Main content area

Economic Inequality and the Value of Nature

Drupp, Moritz A., Meya, Jasper N., Baumgärtner, Stefan, Quaas, Martin F.
Ecological economics 2018 v.150 pp. 340-345
ecological value, economic valuation, ecosystem services, environmental policy, households, public services and goods, social inequality, willingness to pay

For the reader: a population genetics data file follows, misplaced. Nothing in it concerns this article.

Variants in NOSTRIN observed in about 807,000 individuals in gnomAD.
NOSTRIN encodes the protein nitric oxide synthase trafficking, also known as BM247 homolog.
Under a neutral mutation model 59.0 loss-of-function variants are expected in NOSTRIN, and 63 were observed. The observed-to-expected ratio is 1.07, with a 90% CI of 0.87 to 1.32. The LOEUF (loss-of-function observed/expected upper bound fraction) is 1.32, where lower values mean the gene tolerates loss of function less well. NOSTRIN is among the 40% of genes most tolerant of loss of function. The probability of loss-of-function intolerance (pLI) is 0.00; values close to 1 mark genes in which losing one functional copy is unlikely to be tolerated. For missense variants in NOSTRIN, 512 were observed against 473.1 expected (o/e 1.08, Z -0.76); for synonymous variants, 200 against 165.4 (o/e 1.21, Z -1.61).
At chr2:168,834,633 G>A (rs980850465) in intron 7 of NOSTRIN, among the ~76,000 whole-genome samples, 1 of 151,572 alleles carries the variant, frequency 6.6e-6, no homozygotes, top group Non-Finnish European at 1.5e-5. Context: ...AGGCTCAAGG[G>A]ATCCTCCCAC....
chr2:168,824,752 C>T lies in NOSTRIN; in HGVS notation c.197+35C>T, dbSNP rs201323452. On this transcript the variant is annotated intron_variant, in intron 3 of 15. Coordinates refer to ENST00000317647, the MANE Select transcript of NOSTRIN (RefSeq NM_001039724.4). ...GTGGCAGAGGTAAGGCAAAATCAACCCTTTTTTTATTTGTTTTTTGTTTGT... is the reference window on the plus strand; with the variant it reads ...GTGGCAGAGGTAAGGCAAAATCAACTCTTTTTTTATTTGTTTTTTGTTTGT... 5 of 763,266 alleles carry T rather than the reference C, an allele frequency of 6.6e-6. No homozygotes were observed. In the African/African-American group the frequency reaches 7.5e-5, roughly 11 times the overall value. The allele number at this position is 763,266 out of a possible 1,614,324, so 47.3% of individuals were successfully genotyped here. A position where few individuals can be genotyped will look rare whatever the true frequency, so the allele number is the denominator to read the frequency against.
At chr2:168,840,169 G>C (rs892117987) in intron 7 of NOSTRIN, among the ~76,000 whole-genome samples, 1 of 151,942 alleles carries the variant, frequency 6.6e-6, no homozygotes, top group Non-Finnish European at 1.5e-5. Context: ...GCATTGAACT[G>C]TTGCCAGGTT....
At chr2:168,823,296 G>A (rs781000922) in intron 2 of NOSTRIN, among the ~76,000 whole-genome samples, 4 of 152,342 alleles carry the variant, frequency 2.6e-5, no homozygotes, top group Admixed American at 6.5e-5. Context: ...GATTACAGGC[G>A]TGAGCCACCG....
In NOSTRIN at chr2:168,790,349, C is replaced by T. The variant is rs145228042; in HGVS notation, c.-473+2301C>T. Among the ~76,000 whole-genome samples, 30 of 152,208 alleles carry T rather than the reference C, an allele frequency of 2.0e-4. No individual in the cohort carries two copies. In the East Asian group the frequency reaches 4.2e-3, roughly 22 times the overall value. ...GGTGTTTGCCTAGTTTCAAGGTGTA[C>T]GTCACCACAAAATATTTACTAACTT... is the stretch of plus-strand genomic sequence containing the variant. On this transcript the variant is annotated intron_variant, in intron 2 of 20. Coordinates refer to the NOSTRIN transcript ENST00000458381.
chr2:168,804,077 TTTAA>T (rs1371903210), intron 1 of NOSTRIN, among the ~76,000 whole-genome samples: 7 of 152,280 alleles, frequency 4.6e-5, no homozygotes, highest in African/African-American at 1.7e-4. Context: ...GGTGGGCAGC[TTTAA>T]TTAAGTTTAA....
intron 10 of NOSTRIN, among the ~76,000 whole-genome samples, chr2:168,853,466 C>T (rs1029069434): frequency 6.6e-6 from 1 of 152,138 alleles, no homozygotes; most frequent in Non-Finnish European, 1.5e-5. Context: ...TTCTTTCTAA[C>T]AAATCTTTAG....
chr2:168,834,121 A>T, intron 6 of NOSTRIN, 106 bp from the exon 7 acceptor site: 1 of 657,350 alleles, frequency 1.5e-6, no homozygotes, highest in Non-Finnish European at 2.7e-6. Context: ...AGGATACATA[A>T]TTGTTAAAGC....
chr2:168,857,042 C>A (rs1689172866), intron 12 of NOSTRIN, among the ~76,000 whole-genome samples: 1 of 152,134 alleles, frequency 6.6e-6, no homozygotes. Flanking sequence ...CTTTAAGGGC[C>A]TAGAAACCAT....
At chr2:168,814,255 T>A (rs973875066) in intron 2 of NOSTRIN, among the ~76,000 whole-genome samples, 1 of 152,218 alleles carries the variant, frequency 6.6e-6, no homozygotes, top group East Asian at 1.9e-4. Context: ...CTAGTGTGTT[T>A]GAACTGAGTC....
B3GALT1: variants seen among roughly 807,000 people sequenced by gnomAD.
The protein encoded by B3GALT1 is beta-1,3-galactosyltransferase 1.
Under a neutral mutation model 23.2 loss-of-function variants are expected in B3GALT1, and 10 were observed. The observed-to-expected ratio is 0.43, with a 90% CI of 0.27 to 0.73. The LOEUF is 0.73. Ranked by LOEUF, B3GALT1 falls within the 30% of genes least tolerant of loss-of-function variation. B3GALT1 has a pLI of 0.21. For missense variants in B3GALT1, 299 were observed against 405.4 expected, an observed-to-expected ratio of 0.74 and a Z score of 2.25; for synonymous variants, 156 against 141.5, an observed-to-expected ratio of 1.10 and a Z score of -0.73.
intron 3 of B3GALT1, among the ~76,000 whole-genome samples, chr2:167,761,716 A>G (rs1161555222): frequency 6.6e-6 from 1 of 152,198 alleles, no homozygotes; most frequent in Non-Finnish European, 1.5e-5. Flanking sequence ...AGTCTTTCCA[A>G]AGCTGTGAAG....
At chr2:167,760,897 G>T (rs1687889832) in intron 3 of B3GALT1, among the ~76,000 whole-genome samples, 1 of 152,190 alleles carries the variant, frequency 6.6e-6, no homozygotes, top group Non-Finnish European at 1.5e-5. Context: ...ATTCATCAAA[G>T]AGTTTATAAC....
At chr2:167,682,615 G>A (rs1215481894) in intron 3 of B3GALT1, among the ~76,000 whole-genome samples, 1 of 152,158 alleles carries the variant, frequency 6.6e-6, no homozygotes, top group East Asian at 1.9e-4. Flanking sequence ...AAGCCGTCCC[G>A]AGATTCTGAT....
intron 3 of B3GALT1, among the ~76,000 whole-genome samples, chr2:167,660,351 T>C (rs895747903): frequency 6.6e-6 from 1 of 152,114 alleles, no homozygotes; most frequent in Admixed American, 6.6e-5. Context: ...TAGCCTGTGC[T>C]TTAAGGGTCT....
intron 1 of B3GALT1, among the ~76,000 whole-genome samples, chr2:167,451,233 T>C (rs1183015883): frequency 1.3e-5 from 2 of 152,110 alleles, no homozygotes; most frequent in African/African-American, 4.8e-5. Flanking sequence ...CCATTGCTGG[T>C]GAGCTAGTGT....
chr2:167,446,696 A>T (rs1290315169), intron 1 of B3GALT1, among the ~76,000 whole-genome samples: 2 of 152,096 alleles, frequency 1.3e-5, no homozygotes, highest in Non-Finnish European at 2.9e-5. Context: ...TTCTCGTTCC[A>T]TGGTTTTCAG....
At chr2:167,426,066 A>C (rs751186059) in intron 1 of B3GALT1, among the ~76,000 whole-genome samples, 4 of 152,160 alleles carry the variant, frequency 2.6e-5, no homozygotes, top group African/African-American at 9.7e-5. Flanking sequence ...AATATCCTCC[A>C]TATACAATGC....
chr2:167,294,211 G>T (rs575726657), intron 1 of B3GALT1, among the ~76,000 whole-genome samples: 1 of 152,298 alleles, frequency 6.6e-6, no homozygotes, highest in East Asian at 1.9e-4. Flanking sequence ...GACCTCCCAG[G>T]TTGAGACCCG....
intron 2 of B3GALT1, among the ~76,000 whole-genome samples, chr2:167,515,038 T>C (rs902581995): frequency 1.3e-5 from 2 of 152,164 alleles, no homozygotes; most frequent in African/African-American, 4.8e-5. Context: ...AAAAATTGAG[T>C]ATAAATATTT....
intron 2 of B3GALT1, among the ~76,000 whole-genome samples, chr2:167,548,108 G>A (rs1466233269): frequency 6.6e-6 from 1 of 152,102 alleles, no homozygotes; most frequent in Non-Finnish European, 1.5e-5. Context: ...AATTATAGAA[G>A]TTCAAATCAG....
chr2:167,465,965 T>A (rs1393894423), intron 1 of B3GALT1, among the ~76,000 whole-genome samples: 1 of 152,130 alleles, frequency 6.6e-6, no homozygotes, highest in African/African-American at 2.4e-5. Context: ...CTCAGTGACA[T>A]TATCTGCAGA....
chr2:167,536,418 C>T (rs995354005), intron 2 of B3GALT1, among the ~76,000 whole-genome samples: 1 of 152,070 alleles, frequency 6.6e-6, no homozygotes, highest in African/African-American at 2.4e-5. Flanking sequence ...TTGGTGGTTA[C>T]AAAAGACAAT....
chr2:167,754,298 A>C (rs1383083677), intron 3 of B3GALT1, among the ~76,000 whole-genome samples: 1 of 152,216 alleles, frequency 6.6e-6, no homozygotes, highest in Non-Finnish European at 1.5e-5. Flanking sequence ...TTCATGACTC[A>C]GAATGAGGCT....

Understanding what influences the value of nature is crucial for informing environmental policy. From a sustainability perspective, economic valuation should not only seek to determine a society's willingness to pay for environmental goods to devise an efficient allocation of scarce resources, but should also account for distributional effects to ensure justice. Yet, how economic inequality affects the value of non-market environmental goods remains understudied. Combining recently developed theoretical results with empirical evidence, this Commentary shows that more equal societies have a higher valuation for environmental public goods and that non-market benefits of environmental policy accrue over-proportionally to poorer households. On this ground, we discuss implications for environmental valuation, management and policy-making and identify a number of fruitful areas for future research. We conclude that environmental valuation should explicitly account for economic inequality, and that encompassing assessments of the distributional effects of environmental policies must consider the distribution of non-market environmental benefits.